Triathlon success for University’s Olympic Brownlee brothers

Triathlon stars Alistair and Jonny Brownlee confirmed their status as the sport’s pre-eminent stars on the roads of Rio yesterday, claiming gold and silver in a highly convincing Olympic win.


The brothers, who are both University of Leeds graduates, and who regularly train using campus facilities, performed strongly in the swim and the cycle sections of the race, before dominating the run and pulling away from the pack to complete the last two laps almost alone.

Alistair walked over the line in 1.45.01 while younger brother Jonny finished in 1.45.07. Bronze medallist, South African Henri Schoeman, crossed the line 40 seconds later.

The third member of the TeamGB squad was Gordon Benson, who graduated from the University this summer with a BSc in Nutrition and was performing in his first Olympics.

Congratulating the brothers on their success, Sir Alan Langlands, Vice-Chancellor of the University of Leeds, said: “There could not be a better result for the Brownlees or for our city than seeing a Leeds gold and silver result in the triathlon.

“The University has played a significant role in their development and training since they studied with us, and I am delighted for both of them.

“I’d also like to pay tribute to Gordon Benson, who reached Olympic standard while studying for a demanding degree. He’s played an important role in helping the Brownlees achieve the success they have and deserves credit.”

Alistair Brownlee initially began his degree studies at Cambridge but moved to the University of Leeds to study Physiology and Sport.

This move was in order to focus on athletic training at the Leeds Triathlon Centre. He graduated in 2009 and now trains full time within the sport.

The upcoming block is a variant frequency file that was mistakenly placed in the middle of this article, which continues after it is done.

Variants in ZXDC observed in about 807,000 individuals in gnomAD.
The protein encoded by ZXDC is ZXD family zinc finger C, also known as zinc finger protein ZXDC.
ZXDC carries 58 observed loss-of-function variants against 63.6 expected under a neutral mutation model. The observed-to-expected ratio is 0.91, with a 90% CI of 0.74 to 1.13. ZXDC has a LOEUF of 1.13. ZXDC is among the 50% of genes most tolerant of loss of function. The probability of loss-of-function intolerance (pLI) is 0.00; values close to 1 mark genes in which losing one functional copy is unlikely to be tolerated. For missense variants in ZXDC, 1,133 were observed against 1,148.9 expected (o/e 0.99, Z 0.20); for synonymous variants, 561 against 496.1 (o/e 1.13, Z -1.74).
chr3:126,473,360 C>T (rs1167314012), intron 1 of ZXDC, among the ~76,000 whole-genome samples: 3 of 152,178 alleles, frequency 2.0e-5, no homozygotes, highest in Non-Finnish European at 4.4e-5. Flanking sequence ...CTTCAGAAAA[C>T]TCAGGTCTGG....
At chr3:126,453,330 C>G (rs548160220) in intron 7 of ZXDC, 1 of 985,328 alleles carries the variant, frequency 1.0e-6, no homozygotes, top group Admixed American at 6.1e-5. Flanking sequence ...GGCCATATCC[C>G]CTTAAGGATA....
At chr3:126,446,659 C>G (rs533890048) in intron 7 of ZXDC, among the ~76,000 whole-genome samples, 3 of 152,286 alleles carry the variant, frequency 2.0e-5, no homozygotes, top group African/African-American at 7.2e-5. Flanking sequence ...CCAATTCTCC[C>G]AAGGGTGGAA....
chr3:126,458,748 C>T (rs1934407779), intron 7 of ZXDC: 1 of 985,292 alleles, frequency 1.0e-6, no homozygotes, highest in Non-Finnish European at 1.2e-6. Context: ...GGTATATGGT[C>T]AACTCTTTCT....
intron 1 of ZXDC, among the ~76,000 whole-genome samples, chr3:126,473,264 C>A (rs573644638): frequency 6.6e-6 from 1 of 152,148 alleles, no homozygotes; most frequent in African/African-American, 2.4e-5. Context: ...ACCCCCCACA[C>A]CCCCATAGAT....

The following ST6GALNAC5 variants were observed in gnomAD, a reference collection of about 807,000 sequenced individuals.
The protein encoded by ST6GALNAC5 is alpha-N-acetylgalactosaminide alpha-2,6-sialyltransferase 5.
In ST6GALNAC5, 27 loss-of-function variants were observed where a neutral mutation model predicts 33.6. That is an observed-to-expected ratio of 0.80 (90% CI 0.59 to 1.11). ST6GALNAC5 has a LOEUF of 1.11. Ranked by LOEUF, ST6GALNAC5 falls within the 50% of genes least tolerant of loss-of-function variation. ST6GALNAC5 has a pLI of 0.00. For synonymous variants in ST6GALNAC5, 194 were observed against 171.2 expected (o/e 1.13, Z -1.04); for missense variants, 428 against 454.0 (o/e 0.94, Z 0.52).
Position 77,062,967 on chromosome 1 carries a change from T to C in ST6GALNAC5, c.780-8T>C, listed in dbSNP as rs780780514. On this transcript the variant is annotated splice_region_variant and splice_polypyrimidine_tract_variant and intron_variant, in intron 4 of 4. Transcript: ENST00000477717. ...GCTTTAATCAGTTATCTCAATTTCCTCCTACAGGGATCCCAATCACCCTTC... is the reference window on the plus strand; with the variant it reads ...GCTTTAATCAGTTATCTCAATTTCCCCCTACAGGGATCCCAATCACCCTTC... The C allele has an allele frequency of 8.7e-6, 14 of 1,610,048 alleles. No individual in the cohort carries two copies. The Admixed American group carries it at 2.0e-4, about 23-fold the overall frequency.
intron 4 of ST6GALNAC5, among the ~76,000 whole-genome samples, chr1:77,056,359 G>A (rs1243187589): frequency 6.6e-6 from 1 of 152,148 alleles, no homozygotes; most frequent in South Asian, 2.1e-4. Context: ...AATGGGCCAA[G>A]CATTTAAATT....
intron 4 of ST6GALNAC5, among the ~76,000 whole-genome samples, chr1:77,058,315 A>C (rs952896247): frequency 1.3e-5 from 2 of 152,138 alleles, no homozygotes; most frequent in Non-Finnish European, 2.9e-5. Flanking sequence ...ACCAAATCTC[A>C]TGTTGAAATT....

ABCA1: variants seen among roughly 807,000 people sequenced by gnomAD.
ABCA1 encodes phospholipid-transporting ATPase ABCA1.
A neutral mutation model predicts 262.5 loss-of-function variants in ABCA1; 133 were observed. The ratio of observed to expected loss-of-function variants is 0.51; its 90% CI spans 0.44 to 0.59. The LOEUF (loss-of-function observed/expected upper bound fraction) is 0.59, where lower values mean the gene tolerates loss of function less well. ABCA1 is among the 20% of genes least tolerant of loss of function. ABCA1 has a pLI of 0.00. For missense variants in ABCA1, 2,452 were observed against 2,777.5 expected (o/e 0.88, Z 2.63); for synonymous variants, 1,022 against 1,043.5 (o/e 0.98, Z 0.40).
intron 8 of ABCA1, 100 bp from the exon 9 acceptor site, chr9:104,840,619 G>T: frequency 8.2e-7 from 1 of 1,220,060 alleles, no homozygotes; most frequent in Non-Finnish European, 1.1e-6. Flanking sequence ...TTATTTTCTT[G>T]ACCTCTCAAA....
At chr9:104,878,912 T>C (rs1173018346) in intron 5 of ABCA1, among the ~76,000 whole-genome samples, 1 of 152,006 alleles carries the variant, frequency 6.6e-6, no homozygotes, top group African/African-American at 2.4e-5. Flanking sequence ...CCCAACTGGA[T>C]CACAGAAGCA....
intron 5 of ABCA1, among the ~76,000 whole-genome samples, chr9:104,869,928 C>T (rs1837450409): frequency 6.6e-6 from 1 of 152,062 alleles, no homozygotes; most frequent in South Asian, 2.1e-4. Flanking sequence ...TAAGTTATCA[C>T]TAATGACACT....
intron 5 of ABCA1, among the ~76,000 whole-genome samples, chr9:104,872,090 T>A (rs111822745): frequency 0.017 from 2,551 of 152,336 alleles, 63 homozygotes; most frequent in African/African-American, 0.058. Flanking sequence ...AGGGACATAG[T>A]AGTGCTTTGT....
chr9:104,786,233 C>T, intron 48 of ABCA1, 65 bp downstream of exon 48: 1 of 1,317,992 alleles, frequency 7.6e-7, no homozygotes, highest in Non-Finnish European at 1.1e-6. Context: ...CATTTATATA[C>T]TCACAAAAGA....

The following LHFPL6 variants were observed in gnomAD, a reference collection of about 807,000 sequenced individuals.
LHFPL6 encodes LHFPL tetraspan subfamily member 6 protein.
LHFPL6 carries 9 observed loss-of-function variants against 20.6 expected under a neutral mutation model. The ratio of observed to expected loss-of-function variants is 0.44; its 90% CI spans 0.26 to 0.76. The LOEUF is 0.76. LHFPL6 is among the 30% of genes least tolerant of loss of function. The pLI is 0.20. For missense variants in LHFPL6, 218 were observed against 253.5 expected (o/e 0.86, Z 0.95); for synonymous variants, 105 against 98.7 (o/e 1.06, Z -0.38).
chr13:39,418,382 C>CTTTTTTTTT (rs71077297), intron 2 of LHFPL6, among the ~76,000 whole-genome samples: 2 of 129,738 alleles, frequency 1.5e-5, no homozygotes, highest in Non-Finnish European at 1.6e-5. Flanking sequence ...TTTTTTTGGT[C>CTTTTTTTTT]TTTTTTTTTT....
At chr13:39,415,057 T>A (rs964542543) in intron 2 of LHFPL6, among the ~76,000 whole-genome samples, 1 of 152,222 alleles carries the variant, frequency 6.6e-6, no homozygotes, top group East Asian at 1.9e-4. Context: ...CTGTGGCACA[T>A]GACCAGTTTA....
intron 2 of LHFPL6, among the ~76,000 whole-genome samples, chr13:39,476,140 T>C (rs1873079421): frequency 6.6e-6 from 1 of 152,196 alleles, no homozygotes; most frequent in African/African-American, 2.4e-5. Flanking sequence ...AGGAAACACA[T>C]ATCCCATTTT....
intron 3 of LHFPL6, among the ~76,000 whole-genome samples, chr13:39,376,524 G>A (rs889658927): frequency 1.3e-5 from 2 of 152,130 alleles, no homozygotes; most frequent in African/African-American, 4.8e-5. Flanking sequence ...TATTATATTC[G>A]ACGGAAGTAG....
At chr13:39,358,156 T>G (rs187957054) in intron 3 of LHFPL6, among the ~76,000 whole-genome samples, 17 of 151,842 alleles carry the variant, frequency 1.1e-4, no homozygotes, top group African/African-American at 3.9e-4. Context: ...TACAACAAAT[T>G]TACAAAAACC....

Jonny Brownlee completed a degree in History at the University in 2012, and the same year won the International Triathlon Union world title. He is also a member of British Triathlon Squad training at the Leeds Triathlon Centre.

During the race itself, the University’s expertise in sports was called upon several times by the media. Dr Mark Hetherington from the Faculty of Biological Sciences explained to Sky News how the on-campus Environment Chamber helps triathletes acclimatise to weather conditions similar to those in Rio.

Director of Sport Stewart Ross also gave BBC and Sky viewers an insight into how the brothers had controlled the race and how they had been supported to maintain their training whilst securing a respected degree.

Mr Ross also explained how the University was working with British Triathlon and Sport England to create what is believed to be the first centre in the world dedicated to elite level triathlon training.

Mr Ross said: “We will have the world’s first centre bringing together all three triathlon disciplines, which combined with the great coaches and clubs we have in Leeds will ensure we can sustain the city’s success in the sport into the future.”

Image credit: David Pearce

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